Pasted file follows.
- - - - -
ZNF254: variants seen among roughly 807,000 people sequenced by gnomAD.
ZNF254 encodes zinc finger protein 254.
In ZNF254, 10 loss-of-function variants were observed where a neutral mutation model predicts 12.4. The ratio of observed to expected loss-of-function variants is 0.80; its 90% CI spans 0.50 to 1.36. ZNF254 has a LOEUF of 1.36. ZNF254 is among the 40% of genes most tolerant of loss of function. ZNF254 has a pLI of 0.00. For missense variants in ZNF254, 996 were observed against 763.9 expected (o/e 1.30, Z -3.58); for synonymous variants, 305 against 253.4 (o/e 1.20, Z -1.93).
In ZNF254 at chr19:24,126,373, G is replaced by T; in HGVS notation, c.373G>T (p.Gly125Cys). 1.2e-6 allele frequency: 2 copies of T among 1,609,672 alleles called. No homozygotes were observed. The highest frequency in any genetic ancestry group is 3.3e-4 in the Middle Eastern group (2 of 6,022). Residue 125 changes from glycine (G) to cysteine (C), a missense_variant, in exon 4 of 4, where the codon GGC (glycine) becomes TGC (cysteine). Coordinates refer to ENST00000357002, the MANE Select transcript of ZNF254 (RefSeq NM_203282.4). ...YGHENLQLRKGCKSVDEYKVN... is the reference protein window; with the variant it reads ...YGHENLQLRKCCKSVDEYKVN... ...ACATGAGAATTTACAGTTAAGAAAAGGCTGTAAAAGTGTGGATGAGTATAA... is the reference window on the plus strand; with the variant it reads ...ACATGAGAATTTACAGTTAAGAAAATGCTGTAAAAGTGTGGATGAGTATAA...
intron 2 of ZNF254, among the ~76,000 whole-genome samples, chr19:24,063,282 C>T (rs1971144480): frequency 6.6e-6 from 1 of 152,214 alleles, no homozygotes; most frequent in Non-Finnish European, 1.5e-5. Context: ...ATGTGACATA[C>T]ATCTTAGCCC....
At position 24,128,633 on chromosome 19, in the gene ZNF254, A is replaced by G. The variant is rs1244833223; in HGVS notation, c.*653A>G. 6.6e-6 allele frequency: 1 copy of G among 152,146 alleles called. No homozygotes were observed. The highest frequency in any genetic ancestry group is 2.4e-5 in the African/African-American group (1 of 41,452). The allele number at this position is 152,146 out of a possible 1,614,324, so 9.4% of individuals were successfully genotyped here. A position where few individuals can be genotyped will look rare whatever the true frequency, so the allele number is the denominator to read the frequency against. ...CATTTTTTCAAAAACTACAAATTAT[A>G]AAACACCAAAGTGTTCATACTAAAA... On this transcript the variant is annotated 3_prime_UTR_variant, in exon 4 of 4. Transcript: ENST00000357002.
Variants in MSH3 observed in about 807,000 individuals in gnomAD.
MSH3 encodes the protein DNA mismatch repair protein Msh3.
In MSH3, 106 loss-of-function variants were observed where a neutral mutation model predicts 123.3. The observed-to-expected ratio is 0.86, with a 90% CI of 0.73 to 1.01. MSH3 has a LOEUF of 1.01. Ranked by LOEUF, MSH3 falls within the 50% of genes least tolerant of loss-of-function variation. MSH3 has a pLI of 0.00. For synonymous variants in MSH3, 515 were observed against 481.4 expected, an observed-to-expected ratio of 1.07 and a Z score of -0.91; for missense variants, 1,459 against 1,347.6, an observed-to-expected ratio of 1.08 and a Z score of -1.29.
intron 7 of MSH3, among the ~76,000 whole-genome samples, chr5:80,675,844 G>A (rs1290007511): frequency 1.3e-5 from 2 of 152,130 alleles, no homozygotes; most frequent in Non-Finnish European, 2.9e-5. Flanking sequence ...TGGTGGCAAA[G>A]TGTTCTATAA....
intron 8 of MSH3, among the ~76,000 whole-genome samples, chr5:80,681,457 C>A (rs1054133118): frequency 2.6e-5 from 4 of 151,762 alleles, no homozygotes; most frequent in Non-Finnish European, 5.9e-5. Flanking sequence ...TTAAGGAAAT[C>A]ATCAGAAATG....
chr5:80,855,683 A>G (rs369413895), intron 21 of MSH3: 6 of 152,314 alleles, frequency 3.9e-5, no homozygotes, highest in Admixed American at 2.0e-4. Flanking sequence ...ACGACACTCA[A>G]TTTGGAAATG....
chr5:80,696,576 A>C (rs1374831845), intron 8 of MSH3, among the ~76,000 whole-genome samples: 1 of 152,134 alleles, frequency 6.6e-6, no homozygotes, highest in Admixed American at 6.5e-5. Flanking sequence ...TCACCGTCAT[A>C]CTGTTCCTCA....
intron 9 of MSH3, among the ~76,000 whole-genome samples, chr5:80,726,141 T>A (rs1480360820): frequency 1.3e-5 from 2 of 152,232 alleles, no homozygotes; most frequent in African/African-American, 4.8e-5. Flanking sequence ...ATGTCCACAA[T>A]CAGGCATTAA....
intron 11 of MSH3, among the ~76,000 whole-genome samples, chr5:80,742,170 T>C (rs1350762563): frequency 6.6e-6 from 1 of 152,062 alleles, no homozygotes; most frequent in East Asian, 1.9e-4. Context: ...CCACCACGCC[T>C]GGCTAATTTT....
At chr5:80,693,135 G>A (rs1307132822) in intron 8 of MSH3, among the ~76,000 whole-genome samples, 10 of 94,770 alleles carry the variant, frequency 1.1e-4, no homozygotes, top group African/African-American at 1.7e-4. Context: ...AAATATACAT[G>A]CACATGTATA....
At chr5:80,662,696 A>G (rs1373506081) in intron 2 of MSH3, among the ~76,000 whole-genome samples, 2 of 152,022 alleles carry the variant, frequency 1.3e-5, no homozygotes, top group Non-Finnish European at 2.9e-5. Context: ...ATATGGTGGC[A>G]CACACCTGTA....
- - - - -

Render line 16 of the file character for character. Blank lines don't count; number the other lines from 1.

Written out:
At chr5:80,693,135 G>A (rs1307132822) in intron 8 of MSH3, among the ~76,000 whole-genome samples, 10 of 94,770 alleles carry the variant, frequency 1.1e-4, no homozygotes, top group African/African-American at 1.7e-4. Context: ...AAATATACAT[G>A]CACATGTATA....